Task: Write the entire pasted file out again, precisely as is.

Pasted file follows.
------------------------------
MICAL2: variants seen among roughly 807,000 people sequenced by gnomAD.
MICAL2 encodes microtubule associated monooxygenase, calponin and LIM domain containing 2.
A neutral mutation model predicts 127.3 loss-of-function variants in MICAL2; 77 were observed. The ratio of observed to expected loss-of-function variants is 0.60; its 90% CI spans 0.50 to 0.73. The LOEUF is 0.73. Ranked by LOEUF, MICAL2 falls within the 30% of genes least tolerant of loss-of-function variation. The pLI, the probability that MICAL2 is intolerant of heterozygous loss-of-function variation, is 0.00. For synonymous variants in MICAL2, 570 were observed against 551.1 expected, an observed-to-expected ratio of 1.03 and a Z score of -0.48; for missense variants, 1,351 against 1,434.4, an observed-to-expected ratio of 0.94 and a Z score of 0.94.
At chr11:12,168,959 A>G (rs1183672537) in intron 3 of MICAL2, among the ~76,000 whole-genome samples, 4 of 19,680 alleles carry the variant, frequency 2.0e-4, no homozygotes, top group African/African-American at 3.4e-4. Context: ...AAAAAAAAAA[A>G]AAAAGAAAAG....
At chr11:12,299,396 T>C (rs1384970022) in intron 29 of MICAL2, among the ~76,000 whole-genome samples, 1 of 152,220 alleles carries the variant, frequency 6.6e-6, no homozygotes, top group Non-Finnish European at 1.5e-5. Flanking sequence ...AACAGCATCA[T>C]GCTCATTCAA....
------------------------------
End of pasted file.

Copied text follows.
MICAL2: variants seen among roughly 807,000 people sequenced by gnomAD.
MICAL2 encodes microtubule associated monooxygenase, calponin and LIM domain containing 2.
A neutral mutation model predicts 127.3 loss-of-function variants in MICAL2; 77 were observed. The ratio of observed to expected loss-of-function variants is 0.60; its 90% CI spans 0.50 to 0.73. The LOEUF is 0.73. Ranked by LOEUF, MICAL2 falls within the 30% of genes least tolerant of loss-of-function variation. The pLI, the probability that MICAL2 is intolerant of heterozygous loss-of-function variation, is 0.00. For synonymous variants in MICAL2, 570 were observed against 551.1 expected, an observed-to-expected ratio of 1.03 and a Z score of -0.48; for missense variants, 1,351 against 1,434.4, an observed-to-expected ratio of 0.94 and a Z score of 0.94.
At chr11:12,168,959 A>G (rs1183672537) in intron 3 of MICAL2, among the ~76,000 whole-genome samples, 4 of 19,680 alleles carry the variant, frequency 2.0e-4, no homozygotes, top group African/African-American at 3.4e-4. Context: ...AAAAAAAAAA[A>G]AAAAGAAAAG....
At chr11:12,299,396 T>C (rs1384970022) in intron 29 of MICAL2, among the ~76,000 whole-genome samples, 1 of 152,220 alleles carries the variant, frequency 6.6e-6, no homozygotes, top group Non-Finnish European at 1.5e-5. Flanking sequence ...AACAGCATCA[T>C]GCTCATTCAA....